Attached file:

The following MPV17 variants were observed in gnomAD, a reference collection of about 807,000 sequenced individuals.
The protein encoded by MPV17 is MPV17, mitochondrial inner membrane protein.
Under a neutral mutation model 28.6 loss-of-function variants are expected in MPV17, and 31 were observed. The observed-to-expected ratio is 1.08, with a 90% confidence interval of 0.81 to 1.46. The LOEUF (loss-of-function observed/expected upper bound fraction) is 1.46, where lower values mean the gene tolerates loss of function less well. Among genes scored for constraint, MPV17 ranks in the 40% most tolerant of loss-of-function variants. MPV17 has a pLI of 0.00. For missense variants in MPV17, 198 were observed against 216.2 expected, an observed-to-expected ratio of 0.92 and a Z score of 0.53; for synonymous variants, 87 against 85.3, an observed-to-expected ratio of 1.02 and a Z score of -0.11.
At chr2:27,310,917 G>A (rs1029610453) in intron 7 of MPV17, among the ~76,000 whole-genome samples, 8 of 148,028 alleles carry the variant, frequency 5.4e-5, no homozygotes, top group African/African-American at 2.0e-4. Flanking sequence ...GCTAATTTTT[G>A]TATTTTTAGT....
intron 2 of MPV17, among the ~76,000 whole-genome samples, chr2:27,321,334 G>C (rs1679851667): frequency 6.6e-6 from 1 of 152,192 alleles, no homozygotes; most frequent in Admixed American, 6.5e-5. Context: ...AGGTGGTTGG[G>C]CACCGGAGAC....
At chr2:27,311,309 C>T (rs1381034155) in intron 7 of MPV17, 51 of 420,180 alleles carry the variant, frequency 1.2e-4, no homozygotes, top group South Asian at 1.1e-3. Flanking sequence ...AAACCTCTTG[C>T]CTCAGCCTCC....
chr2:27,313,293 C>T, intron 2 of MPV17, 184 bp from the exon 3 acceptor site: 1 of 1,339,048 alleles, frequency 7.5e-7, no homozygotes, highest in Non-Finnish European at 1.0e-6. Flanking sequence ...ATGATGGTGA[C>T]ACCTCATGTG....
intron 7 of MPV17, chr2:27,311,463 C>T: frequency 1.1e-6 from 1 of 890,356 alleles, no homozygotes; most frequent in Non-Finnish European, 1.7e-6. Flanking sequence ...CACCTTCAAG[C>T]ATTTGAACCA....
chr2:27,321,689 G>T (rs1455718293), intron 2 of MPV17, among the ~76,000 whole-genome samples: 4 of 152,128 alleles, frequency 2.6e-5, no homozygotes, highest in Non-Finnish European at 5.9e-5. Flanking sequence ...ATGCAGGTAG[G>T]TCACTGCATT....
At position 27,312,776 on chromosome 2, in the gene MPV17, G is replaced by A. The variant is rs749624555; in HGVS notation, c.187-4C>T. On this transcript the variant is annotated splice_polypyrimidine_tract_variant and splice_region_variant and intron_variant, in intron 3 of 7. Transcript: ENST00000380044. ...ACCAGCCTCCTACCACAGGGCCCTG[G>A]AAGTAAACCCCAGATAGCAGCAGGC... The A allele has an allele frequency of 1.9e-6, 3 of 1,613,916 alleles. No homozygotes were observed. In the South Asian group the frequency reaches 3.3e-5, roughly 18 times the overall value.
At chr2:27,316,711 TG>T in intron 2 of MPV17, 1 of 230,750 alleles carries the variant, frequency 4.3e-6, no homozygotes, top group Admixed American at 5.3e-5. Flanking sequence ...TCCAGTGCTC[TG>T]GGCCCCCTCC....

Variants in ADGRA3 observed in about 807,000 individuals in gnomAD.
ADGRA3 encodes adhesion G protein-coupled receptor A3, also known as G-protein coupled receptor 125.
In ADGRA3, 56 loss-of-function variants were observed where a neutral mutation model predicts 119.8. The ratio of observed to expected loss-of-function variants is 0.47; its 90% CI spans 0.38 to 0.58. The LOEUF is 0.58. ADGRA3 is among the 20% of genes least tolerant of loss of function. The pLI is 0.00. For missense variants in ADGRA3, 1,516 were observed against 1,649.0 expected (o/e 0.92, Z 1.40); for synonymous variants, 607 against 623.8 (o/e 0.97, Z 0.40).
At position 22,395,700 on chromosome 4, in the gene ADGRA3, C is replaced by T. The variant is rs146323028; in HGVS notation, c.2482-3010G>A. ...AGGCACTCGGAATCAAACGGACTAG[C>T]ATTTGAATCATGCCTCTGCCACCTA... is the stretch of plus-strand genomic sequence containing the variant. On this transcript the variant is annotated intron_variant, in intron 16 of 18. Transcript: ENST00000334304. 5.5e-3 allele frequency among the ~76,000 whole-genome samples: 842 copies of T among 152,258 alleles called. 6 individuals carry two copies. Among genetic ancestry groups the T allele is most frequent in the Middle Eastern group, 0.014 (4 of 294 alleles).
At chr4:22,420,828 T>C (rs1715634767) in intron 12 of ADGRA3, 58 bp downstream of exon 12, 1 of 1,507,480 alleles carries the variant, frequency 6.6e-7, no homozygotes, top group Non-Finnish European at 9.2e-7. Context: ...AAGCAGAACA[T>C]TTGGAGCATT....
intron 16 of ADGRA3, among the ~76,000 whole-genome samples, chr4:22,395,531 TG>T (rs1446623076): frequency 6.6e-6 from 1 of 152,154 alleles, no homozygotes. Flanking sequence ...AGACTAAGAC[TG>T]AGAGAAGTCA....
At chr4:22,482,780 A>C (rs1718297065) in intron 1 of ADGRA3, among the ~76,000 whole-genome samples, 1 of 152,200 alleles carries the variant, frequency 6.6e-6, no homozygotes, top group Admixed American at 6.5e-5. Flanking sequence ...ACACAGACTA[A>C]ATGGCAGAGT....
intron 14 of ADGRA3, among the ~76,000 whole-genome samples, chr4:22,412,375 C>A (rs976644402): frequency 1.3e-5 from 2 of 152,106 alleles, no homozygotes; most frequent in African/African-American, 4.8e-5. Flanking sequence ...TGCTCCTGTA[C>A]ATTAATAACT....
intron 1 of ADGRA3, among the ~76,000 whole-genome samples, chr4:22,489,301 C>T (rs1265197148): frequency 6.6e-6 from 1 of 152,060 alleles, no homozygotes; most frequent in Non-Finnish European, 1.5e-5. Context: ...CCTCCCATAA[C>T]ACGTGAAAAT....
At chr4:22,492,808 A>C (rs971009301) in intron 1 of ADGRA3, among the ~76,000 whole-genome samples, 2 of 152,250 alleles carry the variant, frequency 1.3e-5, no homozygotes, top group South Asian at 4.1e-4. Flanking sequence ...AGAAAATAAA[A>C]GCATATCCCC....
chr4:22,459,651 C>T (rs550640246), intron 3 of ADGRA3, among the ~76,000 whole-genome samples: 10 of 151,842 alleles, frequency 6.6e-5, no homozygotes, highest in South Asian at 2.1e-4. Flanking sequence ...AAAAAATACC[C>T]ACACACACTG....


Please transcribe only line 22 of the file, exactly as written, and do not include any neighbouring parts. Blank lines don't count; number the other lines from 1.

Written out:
chr4:22,459,651 C>T (rs550640246), intron 3 of ADGRA3, among the ~76,000 whole-genome samples: 10 of 151,842 alleles, frequency 6.6e-5, no homozygotes, highest in South Asian at 2.1e-4. Flanking sequence ...AAAAAATACC[C>T]ACACACACTG....